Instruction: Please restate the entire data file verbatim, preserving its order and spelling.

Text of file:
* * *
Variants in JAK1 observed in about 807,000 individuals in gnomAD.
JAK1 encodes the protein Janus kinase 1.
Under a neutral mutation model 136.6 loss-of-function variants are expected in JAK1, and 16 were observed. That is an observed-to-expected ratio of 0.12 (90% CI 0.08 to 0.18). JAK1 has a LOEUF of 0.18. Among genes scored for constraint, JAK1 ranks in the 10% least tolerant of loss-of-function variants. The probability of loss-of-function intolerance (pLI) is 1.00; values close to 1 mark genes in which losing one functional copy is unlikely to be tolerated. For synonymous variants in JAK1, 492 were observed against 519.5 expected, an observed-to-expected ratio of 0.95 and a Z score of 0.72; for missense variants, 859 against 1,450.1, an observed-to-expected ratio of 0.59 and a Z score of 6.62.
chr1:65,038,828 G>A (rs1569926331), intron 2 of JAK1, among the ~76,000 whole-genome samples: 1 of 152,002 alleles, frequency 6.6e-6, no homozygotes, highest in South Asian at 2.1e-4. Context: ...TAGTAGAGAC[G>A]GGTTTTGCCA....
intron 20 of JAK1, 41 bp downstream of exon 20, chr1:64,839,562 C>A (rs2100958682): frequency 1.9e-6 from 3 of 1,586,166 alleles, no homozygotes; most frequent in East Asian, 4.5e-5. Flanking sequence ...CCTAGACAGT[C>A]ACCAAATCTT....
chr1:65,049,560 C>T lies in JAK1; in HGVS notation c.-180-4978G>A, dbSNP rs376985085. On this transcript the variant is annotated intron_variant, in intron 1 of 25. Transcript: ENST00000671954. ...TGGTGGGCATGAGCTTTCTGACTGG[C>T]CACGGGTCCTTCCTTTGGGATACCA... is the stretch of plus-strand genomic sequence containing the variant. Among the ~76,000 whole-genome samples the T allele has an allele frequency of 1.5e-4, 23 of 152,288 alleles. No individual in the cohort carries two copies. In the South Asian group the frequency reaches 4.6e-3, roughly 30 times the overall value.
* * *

Variants in JAK1 observed in about 807,000 individuals in gnomAD.
JAK1 encodes the protein Janus kinase 1.
Under a neutral mutation model 136.6 loss-of-function variants are expected in JAK1, and 16 were observed. That is an observed-to-expected ratio of 0.12 (90% CI 0.08 to 0.18). JAK1 has a LOEUF of 0.18. Among genes scored for constraint, JAK1 ranks in the 10% least tolerant of loss-of-function variants. The probability of loss-of-function intolerance (pLI) is 1.00; values close to 1 mark genes in which losing one functional copy is unlikely to be tolerated. For synonymous variants in JAK1, 492 were observed against 519.5 expected, an observed-to-expected ratio of 0.95 and a Z score of 0.72; for missense variants, 859 against 1,450.1, an observed-to-expected ratio of 0.59 and a Z score of 6.62.
chr1:65,038,828 G>A (rs1569926331), intron 2 of JAK1, among the ~76,000 whole-genome samples: 1 of 152,002 alleles, frequency 6.6e-6, no homozygotes, highest in South Asian at 2.1e-4. Context: ...TAGTAGAGAC[G>A]GGTTTTGCCA....
intron 20 of JAK1, 41 bp downstream of exon 20, chr1:64,839,562 C>A (rs2100958682): frequency 1.9e-6 from 3 of 1,586,166 alleles, no homozygotes; most frequent in East Asian, 4.5e-5. Flanking sequence ...CCTAGACAGT[C>A]ACCAAATCTT....
chr1:65,049,560 C>T lies in JAK1; in HGVS notation c.-180-4978G>A, dbSNP rs376985085. On this transcript the variant is annotated intron_variant, in intron 1 of 25. Transcript: ENST00000671954. ...TGGTGGGCATGAGCTTTCTGACTGG[C>T]CACGGGTCCTTCCTTTGGGATACCA... is the stretch of plus-strand genomic sequence containing the variant. Among the ~76,000 whole-genome samples the T allele has an allele frequency of 1.5e-4, 23 of 152,288 alleles. No individual in the cohort carries two copies. In the South Asian group the frequency reaches 4.6e-3, roughly 30 times the overall value.